The Migration Immigration theme in local crime prevention strategies 
NB: this presentation was made for Efus’ general assembly, Lisbon, 4 July 2003
The link between the issues of immigration and security does not lend itself to dispassionate discussion, given the lack of neutrality this theme arouses when mentioned by the media or in political debates, or even in the field of social sciences, where it often remains ‘explosive’. It is important to point out here that although this question was first broached by criminology in most European states more than forty years ago, the involvement of foreigners in crime, whether as perpetrators or victims, is not widely known. And there, in a flagrant way, we approach the limits of administrative statistics (or even victimisation surveys) in accounting for the phenomenon.
The integration of minorities: a designated priority of immigration and crime prevention policies
As the European Urban Charter proclaimed as of 1992, one of the asserted objectives of every crime prevention policy is the participation of all members of society. The priority given to the integration of communities is shared by a number of local technicians and elected officials, as attests the Naples Manifesto (Efus, 2000): ‘We [the participants in the conference] want cities to be hospitable towards other citizens of the world, migrants and travellers. The problems linked to immigration cannot be resolved by criminalisation and the rejection of diversity.’
European immigration policy shares this integrative approach and stresses the role of local authorities and communities in this context. Refusing the ‘zero immigration’ option, the European Commission points out that the immigrant insertion policies must ‘correspond “to a sort of contract”: on the one hand, societies must be ready to accept differences, which are also a source of cultural richness, and on the other, the immigrant populations must respect the common values characteristic of the European society into which they are integrating (respect for human rights, the rules of the democratic system, equality between men and women, pluralism…).’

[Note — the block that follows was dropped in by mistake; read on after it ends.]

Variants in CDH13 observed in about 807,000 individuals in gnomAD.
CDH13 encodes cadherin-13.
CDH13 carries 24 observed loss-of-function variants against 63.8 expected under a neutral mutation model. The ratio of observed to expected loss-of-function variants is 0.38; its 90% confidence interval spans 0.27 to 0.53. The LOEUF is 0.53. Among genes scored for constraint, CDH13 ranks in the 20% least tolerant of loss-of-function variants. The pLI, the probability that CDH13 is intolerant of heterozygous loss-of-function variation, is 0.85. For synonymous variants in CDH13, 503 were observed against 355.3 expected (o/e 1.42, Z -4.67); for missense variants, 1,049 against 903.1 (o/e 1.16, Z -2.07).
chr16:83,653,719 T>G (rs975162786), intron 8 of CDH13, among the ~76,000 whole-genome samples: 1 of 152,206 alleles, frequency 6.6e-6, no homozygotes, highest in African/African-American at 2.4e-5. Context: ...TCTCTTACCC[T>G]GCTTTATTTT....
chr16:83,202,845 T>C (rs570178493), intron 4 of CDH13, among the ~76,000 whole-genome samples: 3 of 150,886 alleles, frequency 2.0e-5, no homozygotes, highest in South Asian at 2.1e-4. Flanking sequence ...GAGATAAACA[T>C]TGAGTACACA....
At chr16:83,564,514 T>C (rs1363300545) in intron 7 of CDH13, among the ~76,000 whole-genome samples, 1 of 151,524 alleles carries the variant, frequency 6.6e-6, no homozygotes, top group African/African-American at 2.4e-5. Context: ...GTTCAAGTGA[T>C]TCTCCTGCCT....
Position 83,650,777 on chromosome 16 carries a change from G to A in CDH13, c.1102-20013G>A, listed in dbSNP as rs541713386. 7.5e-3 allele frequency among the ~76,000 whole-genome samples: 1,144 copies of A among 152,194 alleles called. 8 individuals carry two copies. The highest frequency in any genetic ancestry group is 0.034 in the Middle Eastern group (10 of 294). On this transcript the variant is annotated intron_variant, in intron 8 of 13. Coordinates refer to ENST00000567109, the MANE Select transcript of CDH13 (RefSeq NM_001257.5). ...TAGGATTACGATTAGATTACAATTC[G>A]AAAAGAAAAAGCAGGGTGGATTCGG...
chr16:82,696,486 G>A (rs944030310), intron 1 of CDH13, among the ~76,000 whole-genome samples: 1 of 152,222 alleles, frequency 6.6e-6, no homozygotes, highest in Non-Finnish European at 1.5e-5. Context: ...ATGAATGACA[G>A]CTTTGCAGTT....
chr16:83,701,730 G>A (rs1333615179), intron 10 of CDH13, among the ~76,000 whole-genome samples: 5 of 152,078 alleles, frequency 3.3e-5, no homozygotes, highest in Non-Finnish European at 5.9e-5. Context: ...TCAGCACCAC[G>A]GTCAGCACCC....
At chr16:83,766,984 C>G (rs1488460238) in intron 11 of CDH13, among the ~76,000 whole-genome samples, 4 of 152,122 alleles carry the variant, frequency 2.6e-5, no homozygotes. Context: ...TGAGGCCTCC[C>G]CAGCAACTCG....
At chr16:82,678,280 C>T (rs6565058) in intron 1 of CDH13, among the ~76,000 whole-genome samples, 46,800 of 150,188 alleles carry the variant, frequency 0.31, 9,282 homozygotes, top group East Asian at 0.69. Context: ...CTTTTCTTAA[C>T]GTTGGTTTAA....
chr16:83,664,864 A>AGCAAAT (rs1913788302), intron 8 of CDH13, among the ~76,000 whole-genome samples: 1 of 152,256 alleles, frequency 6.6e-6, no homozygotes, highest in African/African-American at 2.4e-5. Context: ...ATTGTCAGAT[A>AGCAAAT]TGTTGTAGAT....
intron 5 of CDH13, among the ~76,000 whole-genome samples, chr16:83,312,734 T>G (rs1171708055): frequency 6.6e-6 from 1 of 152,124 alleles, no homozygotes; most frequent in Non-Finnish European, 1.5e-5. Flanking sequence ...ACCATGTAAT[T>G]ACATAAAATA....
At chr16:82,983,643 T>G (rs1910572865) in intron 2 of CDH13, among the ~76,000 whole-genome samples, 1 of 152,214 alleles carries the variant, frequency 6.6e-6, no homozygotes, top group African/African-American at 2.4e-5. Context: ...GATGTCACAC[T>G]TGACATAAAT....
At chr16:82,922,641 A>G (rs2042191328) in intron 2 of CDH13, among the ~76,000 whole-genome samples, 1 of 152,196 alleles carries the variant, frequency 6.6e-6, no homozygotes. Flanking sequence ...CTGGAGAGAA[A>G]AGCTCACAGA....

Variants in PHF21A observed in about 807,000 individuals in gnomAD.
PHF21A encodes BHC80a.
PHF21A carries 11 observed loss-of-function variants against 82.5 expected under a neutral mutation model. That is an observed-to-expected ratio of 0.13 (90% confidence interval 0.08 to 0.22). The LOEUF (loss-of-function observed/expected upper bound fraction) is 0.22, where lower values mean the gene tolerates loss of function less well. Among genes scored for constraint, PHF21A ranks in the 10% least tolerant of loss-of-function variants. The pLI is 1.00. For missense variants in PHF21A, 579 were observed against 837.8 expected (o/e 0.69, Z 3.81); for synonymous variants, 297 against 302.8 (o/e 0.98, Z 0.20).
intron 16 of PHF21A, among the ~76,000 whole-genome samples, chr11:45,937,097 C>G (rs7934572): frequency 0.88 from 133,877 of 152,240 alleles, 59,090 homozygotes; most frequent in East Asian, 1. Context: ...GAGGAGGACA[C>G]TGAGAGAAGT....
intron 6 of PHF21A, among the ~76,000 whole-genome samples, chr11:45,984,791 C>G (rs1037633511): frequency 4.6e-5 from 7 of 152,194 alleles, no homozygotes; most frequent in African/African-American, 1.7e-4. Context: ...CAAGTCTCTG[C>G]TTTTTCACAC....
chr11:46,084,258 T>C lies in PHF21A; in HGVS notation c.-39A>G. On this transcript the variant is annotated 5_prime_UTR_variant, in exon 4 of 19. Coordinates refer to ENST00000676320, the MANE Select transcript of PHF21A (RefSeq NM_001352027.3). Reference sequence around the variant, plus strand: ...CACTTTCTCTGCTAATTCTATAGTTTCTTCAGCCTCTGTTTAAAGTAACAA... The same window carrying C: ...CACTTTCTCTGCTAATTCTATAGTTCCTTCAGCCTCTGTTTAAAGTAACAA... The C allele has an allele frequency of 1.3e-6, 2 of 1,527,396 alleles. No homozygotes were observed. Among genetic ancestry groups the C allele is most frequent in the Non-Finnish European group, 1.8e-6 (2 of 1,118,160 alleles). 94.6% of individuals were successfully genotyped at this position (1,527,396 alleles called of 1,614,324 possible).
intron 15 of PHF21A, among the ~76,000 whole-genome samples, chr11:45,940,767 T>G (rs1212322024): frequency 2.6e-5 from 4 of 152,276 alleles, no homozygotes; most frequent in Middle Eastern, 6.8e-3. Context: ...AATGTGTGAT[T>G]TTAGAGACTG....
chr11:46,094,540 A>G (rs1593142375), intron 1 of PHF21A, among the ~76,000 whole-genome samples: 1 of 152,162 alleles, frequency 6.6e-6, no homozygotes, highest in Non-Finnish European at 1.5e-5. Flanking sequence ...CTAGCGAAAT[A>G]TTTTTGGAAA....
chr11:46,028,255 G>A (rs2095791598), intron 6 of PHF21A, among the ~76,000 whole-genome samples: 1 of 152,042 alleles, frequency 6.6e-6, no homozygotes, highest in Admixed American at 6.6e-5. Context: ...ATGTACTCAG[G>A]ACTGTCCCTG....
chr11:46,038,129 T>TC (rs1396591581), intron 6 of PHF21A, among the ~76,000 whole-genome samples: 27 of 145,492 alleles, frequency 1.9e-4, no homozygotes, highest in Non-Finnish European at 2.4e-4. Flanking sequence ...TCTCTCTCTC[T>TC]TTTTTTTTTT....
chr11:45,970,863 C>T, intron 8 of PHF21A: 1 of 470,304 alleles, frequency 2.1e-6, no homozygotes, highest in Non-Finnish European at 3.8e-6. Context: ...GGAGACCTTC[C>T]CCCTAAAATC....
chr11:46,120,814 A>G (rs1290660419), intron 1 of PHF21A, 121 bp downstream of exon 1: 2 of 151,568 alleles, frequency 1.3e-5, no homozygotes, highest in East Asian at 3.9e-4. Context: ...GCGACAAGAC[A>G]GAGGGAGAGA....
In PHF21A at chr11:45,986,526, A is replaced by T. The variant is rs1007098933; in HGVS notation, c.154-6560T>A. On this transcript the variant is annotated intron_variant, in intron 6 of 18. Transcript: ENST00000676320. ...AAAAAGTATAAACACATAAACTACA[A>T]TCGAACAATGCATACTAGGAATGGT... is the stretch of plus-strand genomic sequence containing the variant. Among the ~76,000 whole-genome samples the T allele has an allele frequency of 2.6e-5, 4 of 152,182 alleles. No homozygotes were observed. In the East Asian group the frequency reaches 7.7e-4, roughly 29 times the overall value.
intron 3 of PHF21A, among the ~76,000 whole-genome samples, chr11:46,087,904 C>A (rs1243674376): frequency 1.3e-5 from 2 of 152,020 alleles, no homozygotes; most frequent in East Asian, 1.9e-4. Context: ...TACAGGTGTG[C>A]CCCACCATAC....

The ethnic minority: a complex reality
‘Make who participate?’ ‘Integrate who?’, one might wonder when studying the treatment of ethnic minorities in local crime prevention strategies. The question of minorities is particularly complex due to the fact that the very term ‘minority’ refers to highly different realities.
On the one hand, the origin of ethnic minorities can have quite different causes: either the formation of the state does not always coincide with the geographical limits between nations, or the members of several nations share the same territory, or else the minority results from immigration. On the other hand, certain minority groups are hundreds of years old, whereas others are relatively recent. Finally, the cultural orientation of the majority and minority communities can undergo changes just like their identification model.
In general, asylum-seekers, immigrants or individuals of immigrant descent have different perceptions from a criminality perspective, from which specific needs arise compelling local players to adapt their policies.
The various integration models that explain the differentiated approaches of local crime prevention strategies
Two major models of integration illustrate the differences in dealing with the question of ethnic minorities in local crime prevention strategies.
The United Kingdom can be seen as the prototype of the ethnic minorities model, in which immigrants are considered as members of their new society but especially from the point of view of their ethnic or national origins. Conversely, France will be the most typical example of the assimilation model, in which immigrants are expected to assimilate to their hosts. One easily understands why the question of ethnic minorities and their involvement in public crime prevention policies is more identifiable for the first group of countries.